In the 1930s and 40s, “nutritional medicine” was extremely popular and was a heavy focus in med schools all over the nation. William Kaufman MD explains this focus in his memoirs that were recently published (2023) but written before his death in 2001. He shares that all the various departments of medicine during his time in med school in the 1930s had a heavy focus on deficiency-as-disease and it looked like the future of medicine was to be the correction of these deficiencies as treatments and cures for disease. Almost 100 years later, this has never happened, and, in fact, the very idea of something like Vitamin C being the cure of anything is so anathema to modern health care that there may be criminal charges levied upon individuals who use the very same methods used by MDs in the 1930s and 40s for adverse health conditions.

Deficiency-Based Medicine is the future of medicine because it gives us the methodology to correct deficiency that is outside the medical industry’s limited scope and vision. It is non-medical, but 100% purely biological. It does not have a master or a “board”; it is based entirely on logic, reason, deduction, scientific method, and common sense. It does not require “license” as no medical board is necessary to, say, “treat dehydration by giving someone a glass of water”. It is so simple and so effective that many refuse to believe it, like how niacin was “too good to be true” and many disbelieved that it could be so effective in correcting so many issues (that were, incidentally, the result of a deficiency of niacin!). DBM creates a sort of cognitive dissonance in a person or professional brought up or trained in the medically narratives of the modern era, such as “germ theory” or “terrain theory” or “one bug, one drug” or “symptom, pathology, pharmacology” or any of the “theories” about medicine that seem to bypass or ignore the role that biochemical deficiency plays in literally every adverse human health condition. It is really that simple, but by no means “easy” because the clinician must think critically but also act clinically. It is a perpetual exploration of the individual and each new case is a “clean slate”, where we know that deficiency plays a critical, crucial role, but to what extent and to what degree is unknown. This is not a “turn key” “cookie cutter” approach. One must use the powers of reason, logic, deduction, and common sense to apply the Three Laws to each case. The DBM specialist is a bio-chemical Sherlock Holmes-meets-Vasco DeGama-meets-Isaac Newton: Deductive Reasoning + Exploration + The Scientific Mind.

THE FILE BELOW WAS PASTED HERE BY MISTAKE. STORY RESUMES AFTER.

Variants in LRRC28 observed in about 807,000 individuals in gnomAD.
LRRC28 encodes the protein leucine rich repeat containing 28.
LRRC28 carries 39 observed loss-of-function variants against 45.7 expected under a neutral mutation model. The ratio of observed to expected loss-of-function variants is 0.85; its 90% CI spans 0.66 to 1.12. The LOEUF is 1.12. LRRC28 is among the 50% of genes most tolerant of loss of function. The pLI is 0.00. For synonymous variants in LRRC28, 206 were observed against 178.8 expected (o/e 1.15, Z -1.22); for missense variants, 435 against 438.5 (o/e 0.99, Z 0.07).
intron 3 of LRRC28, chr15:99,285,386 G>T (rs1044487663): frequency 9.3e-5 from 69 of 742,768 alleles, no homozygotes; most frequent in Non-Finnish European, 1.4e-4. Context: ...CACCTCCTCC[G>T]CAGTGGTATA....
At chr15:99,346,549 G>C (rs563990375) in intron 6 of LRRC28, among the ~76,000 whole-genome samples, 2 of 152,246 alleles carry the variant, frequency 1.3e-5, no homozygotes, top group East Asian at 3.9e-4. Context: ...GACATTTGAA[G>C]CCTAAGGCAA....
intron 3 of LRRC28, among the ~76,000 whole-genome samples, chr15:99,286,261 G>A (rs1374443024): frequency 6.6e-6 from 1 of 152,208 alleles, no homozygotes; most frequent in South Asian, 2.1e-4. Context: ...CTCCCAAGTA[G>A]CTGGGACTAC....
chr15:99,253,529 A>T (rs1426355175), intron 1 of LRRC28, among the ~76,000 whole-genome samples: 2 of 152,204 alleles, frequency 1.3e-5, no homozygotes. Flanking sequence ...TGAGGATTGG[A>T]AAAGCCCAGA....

Deficiency Based Medicine IS the future of medicine, because at most it makes what we call “medicine” in the 21st century mostly obsolete, and at the very least adds the missing piece to our medical model, for instance, allowing for IV Vitamin C to be administered to stroke patients immediately upon entering the emergency room or niacin being given immediately to heart attack patients upon admittance. Such ideas could easily be incorporated into the medical model without any conflict or incident, and would surely guarantee better patient outcomes.

Finding the deficiency IS the key, and Deficiency-Based Medicine is the missing keyhole.